Sonoma County Basic Income Program seeks to provide ‘helping hand’ for families

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A pilot program launched in Sonoma County in early September aims to help low-income families become more financially stable through guaranteed monthly cash payments.

The local program, the first of its kind, will provide $500 per month for 24 months to 305 families with young children.

The aim is to help relieve the financial pressure on families to meet basic needs, which proponents say will lead to improved educational outcomes and the physical and mental health of parents and children.

“It’s really expensive to be poor,” said Santa Rosa Mayor Chris Rogers, whose city is participating in the initiative, named Pathway to Income Equity.

Many low-income families are going deeper into debt or falling behind on their bills as they try to cope with the high cost of living in Sonoma County, supporters say.

The program “recognizes that and gives families a helping hand,” Rogers said.

Pathway to Income Equity is funded by a coalition of local governments and nonprofits who have raised $5.4 million to fund the program. Partners include Sonoma County, Santa Rosa, Petaluma, Healdsburg, Corazon Healdsburg and First 5 Sonoma County.

Families with children 5 and under, who have been negatively impacted by the coronavirus pandemic and who meet the income requirements are eligible.

Applications opened Sept. 1, and nearly 300 families from across Sonoma County applied that day, First 5 executive director Angie Dillon-Shore said. Applications are due by midnight October 31 for the lottery that will select participating families.

The strong interest speaks to the needs of the community, Dillon-Shore said.

“I hope the families that we are able to support, the majority are able to use these funds in a way that helps them progress in the long term,” she said.

“A giant blow against poverty”

A study published by United Way of California in 2021 found that 52% of Sonoma County households with children under the age of 6 struggled to meet basic needs before the pandemic.

People of diverse racial backgrounds have been disproportionately affected, with Black, Latino, Asian and Native American households accounting for 70% of households struggling to meet the needs despite making up just one-third of the county’s population.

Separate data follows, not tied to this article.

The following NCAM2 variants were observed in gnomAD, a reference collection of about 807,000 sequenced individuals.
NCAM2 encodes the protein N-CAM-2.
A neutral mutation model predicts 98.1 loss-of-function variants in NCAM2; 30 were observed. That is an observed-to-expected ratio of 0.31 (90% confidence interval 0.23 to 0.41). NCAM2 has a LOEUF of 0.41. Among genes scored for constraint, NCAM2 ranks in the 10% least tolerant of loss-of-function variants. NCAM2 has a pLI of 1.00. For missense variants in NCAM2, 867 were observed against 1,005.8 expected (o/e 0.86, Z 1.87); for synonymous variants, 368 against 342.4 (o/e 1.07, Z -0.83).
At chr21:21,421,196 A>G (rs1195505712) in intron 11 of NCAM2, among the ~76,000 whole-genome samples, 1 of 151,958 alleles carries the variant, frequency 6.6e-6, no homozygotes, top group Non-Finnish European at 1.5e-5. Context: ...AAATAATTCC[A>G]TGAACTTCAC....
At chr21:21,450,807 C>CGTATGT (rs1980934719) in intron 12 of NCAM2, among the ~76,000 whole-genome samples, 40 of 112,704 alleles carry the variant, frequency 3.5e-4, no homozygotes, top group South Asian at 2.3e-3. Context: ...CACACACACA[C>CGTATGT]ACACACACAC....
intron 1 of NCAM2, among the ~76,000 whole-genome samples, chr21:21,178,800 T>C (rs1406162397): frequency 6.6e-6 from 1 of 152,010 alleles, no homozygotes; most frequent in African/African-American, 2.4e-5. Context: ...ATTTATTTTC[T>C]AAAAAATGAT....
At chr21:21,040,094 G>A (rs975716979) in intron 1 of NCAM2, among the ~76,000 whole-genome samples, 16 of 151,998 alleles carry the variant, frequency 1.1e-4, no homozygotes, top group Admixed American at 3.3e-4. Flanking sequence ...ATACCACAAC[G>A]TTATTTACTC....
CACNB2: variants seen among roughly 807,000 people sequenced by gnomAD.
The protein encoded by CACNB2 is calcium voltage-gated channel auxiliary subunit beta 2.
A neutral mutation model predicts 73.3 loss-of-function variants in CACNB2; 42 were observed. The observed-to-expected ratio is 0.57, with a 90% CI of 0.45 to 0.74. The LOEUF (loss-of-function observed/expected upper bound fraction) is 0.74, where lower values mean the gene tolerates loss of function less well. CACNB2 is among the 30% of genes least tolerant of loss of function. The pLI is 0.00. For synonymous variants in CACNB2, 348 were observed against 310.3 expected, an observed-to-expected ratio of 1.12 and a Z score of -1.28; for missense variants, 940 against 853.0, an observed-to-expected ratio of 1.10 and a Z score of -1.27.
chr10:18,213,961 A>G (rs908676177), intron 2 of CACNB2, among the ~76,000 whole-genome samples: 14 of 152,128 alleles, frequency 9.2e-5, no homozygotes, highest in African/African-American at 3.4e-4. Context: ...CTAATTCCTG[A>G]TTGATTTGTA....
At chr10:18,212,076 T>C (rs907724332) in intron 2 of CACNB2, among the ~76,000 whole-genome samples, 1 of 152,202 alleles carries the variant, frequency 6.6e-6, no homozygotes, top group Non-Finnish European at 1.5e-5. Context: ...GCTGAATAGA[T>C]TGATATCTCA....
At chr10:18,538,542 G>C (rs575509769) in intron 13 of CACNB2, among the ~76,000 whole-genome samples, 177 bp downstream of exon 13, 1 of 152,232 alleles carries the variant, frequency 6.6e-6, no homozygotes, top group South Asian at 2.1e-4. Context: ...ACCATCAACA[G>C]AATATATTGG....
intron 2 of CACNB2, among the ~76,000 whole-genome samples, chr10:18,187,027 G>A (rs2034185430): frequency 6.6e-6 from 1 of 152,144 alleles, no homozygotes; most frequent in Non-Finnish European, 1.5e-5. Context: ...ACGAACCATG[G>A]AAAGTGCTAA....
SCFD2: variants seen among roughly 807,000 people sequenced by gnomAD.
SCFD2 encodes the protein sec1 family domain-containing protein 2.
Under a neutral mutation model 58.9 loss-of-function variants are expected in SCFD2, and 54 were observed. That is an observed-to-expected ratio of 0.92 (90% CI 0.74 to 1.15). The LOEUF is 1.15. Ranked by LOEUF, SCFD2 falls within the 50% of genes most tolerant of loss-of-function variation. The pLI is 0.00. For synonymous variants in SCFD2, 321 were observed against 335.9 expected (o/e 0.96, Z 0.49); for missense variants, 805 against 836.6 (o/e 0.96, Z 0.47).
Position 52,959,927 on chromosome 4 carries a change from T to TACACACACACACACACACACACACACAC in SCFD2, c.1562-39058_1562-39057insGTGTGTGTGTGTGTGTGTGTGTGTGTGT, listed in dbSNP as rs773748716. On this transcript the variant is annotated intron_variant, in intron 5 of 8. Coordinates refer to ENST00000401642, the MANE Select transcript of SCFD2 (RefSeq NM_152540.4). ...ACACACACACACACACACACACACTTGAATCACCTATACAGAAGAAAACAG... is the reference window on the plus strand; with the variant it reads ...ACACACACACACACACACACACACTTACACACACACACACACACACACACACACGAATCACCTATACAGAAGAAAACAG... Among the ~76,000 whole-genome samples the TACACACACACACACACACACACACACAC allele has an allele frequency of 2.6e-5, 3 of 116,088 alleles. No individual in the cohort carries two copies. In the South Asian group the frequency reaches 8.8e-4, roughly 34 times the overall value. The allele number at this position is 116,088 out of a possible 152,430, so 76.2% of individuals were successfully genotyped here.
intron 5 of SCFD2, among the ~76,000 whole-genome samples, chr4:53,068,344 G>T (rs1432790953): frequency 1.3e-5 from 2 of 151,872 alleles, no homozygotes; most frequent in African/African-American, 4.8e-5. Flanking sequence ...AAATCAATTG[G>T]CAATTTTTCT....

The pandemic has exacerbated economic pressures on many families as thousands of jobs have been lost.

First 5, a Santa Rosa-based nonprofit focused on child development, began exploring ways to fight poverty, prioritizing programs that could help improve financial security for families in low income during the pandemic. Rogers in Santa Rosa and elected officials in the area were also having similar conversations.

One idea that emerged was a guaranteed basic income program, versions of which have gained popularity in California and across the country during the pandemic. A a universal program funded by oil revenues was implemented in Alaska for decades.

The pandemic made it possible to launch a local program.

More than 90% of Pathway to Income Equity’s funding came from one-time federal pandemic relief funds received under the American Rescue Plan Act approved in March 2021 to help the United States recover from the effects of COVID- 19, the coalition said.

“It was a unique opportunity to take a giant step against poverty and especially children who live in poverty to try to break the cycle of generational poverty,” Rogers said. “It’s not often that we have the resources to do something as ambitious as this.”

Proof of benefits for families

Funding is expected to land in participating families’ accounts beginning in January and they will receive monthly payments until December 2024.

The coalition chose to focus on families with young children in an attempt to address generational poverty and the impact of financial instability on children.

One proven answer is to raise the cash income floor for families, Dillon-Shore said.

Providing a guaranteed monthly allowance, with no strings attached, can help families bridge monthly funding gaps and studies have shown it allows families to work overtime, provide a second income or parents to return to school. school because they can afford childcare or transportation. , Rogers said.

It can help families lower their monthly bills, buy groceries or gas at a time when the cost of goods has increased, and hopefully get to a place where they can pay off their debts and saving, he said.

Dillon-Shore, Rogers and other supporters hope the program helps reduce stress and anxiety, boost family well-being and effective parenting.

This then contributes to better early childhood development, which contributes to better long-term educational outcomes, better physical and mental health, and reduced crime, they said.

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